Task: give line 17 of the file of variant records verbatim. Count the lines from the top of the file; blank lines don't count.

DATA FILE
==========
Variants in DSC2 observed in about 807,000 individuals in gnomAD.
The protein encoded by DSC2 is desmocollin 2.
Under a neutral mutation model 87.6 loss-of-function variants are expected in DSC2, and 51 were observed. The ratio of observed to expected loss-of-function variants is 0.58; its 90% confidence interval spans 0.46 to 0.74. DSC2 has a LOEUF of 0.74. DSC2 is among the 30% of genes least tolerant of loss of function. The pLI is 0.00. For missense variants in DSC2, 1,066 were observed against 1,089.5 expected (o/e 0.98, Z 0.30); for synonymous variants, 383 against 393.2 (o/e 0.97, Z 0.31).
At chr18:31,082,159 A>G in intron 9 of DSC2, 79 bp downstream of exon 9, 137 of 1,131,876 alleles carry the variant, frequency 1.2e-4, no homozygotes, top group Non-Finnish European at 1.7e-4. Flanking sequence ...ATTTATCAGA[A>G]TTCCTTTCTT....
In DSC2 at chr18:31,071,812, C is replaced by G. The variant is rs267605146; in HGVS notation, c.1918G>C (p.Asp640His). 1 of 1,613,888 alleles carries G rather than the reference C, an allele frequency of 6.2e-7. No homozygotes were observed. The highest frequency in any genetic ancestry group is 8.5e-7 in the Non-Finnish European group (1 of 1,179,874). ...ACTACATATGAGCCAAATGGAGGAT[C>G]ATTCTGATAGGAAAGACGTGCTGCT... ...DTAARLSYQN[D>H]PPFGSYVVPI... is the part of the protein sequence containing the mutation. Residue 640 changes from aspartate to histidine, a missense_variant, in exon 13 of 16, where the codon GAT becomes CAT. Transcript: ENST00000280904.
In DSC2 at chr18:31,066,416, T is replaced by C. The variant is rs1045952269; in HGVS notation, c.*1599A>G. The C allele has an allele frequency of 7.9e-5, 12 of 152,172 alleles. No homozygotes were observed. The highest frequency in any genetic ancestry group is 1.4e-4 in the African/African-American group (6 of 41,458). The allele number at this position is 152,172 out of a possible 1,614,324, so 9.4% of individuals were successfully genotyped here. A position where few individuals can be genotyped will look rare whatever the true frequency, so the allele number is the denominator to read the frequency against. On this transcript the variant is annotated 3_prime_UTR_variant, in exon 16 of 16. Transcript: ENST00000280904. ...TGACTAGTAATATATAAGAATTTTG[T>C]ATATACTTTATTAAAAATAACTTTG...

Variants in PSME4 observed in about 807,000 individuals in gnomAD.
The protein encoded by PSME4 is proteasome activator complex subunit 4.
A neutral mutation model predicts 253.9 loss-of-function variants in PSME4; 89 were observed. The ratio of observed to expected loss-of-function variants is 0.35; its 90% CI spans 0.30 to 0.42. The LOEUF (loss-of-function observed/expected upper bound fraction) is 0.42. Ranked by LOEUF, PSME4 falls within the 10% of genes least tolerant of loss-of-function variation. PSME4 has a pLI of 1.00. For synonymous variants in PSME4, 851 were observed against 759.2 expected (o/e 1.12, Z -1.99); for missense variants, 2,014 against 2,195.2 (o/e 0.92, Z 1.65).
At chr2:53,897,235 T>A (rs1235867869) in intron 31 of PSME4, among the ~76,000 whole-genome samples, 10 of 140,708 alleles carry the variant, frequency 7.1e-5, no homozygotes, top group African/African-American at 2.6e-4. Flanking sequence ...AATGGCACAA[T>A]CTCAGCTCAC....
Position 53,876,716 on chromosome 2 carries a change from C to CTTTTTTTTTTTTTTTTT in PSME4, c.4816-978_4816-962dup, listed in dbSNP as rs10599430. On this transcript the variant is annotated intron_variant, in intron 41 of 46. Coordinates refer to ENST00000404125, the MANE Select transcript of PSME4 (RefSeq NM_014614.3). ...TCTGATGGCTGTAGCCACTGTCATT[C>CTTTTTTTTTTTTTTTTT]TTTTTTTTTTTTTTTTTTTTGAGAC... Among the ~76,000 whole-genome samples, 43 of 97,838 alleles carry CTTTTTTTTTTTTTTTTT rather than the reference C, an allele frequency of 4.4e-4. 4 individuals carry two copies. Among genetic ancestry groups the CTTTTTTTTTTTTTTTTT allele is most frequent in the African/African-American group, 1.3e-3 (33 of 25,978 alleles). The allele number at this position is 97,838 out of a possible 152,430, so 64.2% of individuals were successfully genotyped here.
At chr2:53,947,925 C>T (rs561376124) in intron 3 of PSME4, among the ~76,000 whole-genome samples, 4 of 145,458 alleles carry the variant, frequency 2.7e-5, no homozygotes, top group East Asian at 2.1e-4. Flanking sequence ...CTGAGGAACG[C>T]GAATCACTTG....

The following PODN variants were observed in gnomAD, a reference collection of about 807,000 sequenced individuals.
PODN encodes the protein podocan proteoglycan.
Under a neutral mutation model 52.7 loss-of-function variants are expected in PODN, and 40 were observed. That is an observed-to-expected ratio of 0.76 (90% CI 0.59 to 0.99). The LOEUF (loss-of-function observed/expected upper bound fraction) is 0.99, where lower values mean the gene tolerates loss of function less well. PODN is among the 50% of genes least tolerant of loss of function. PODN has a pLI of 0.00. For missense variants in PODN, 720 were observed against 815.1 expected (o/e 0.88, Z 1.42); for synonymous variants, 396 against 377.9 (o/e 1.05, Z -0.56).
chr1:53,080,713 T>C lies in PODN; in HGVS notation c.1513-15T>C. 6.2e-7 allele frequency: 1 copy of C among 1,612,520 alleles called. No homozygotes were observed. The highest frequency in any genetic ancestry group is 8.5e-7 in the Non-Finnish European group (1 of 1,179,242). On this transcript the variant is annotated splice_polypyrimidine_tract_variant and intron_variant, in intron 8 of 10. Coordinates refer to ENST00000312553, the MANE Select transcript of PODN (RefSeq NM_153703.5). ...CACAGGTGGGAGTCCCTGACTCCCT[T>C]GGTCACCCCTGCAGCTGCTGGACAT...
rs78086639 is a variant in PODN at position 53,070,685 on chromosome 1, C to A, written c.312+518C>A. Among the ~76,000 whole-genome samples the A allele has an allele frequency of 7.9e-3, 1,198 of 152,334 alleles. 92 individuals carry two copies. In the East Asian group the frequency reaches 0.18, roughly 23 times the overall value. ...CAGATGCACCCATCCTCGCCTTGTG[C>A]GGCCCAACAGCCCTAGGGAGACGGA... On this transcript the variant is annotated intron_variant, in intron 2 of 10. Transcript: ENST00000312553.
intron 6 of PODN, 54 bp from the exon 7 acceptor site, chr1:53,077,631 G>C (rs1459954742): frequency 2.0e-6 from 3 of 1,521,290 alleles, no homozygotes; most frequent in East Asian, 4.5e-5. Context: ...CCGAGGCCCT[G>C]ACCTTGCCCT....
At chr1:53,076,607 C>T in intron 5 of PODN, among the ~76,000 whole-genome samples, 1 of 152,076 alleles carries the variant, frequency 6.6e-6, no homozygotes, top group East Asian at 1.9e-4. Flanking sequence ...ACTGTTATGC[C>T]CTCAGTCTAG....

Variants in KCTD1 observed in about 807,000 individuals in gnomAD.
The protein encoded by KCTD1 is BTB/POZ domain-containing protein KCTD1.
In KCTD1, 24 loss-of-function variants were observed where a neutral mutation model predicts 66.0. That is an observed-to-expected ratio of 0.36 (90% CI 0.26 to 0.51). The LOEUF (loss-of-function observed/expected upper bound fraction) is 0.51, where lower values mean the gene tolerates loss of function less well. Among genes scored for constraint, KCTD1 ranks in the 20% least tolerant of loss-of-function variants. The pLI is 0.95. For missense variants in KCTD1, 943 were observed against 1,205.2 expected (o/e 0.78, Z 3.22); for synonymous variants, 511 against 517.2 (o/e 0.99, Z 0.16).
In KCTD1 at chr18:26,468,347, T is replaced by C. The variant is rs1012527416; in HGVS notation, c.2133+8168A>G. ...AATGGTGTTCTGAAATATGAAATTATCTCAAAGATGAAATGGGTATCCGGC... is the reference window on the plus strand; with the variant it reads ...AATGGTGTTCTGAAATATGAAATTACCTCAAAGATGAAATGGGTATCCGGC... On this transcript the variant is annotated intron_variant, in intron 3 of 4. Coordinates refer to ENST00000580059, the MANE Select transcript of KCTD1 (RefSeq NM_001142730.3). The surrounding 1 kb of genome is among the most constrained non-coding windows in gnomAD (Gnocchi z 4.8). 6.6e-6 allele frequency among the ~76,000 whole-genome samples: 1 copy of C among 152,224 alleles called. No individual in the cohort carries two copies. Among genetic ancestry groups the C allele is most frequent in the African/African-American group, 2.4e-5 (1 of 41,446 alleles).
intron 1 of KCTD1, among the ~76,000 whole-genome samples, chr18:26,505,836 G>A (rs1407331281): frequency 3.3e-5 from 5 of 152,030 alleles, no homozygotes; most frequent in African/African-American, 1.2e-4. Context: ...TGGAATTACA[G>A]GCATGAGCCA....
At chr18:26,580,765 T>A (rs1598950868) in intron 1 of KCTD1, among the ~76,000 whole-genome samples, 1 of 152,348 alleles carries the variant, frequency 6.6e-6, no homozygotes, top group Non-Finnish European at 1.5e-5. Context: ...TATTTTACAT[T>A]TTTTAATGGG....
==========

rs78086639 is a variant in PODN at position 53,070,685 on chromosome 1, C to A, written c.312+518C>A. Among the ~76,000 whole-genome samples the A allele has an allele frequency of 7.9e-3, 1,198 of 152,334 alleles. 92 individuals carry two copies. In the East Asian group the frequency reaches 0.18, roughly 23 times the overall value. ...CAGATGCACCCATCCTCGCCTTGTG[C>A]GGCCCAACAGCCCTAGGGAGACGGA... On this transcript the variant is annotated intron_variant, in intron 2 of 10. Transcript: ENST00000312553.